Domino's Pizza Enterprises Limited (Domino's) today announced it has signed an agreement with Flirtey Inc. (SkyDrop) to expand its drone food delivery trials in New Zealand.
After the world’s first pizza delivery by drone from the Domino’s Whangaparaoa store in Auckland in 2016, the two companies have partnered again to offer the innovative service to even more Kiwi pizza lovers with new and improved drone technology.
“We believe drone delivery will be an essential component of our pizza deliveries in the future,” Domino’s Group CEO and Managing Director Don Meij said.
“Customers benefit from the convenience of having fresh, hot pizzas delivered with zero contact to their homes by electrically-powered drones, which also reduces traffic congestion and greenhouse emissions.”
SkyDrop Founder and CEO Matthew Sweeny said the company was excited to launch the second stage of the commercial drone delivery partnership with Domino’s.
“New Zealand has a real opportunity to be at the forefront of the drone delivery industry globally,” he said. “We look forward to expanding our leadership in the trillion-dollar store-to-door food delivery market.”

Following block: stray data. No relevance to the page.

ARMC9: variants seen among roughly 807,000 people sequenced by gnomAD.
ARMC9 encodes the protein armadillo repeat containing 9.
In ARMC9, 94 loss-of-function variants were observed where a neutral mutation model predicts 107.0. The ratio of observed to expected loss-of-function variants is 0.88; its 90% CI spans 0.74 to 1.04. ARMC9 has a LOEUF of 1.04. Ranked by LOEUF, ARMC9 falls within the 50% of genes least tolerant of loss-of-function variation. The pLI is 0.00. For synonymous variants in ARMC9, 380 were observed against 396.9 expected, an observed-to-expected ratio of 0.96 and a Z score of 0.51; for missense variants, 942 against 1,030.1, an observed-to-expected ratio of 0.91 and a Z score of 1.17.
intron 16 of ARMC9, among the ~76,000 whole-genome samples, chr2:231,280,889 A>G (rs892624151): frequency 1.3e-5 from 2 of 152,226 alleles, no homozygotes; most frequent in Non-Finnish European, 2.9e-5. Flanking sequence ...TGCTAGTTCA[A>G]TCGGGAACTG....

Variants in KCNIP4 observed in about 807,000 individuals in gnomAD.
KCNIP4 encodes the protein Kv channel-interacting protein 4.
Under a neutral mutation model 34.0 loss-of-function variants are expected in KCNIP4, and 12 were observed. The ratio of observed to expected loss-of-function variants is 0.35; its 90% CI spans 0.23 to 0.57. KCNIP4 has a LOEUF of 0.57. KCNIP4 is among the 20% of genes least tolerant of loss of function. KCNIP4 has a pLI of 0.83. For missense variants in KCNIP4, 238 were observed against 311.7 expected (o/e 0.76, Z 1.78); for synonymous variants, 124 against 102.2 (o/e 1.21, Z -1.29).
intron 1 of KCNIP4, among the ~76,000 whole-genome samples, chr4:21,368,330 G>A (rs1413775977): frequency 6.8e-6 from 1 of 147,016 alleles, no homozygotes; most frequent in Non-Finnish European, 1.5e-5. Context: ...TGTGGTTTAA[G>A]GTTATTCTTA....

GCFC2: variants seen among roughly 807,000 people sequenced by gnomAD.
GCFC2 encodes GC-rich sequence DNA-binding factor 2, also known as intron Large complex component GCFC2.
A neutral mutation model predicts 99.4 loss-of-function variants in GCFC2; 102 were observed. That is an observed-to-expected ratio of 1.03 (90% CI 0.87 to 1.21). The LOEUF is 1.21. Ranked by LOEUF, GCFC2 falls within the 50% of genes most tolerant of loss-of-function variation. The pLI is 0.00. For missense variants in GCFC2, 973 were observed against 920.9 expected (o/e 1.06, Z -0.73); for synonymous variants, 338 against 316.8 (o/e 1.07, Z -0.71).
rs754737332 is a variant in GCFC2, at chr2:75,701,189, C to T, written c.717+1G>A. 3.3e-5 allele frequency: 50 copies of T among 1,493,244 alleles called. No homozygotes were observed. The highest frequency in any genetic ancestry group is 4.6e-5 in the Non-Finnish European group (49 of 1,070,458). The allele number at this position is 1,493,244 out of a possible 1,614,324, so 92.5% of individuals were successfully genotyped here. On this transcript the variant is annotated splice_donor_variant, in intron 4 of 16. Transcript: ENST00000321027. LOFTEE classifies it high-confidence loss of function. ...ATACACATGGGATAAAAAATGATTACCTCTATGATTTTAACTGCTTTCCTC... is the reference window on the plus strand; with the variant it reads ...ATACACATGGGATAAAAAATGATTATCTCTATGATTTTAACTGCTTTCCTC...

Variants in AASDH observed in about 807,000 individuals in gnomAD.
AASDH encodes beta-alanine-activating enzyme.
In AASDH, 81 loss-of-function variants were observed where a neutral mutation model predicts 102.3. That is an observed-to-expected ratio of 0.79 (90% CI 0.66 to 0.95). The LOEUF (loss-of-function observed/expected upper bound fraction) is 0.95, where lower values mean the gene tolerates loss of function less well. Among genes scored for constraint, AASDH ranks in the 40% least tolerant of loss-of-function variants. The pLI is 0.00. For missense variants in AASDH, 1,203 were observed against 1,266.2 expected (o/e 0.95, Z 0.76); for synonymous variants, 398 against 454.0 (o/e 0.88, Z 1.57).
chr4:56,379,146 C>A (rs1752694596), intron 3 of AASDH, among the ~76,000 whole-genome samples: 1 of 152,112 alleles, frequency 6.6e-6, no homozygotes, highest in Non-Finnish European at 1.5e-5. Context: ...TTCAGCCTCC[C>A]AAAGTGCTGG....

Since the initial trial, Mr Sweeny said SkyDrop had developed faster, safer, quieter, and greener drones capable of carrying increased payloads of up to 3.5kg.
It had also improved the precision delivery altitude of the drone up to 60 metres, added a parachute system for safety, and received Part 102 Unmanned Aircraft Operator Certificate and Operations Specifications from the CAA in New Zealand.
Domino’s New Zealand General Manager Cameron Toomey said they were currently reviewing locations across the country for the drone delivery trial to commence later this year.
“We can’t wait to give our customers the unique experience of having their favourite Domino’s pizzas delivered by drone,” he said.
The first Domino’s drone delivery in Whangaparaoa was conducted under Civil Aviation Rules Part 101 and was attended by both the CAA and Ministry of Transport. The delivery drone was subsequently accepted into the Aviation collection at the Auckland Museum of Transport and Technology (MOTAT).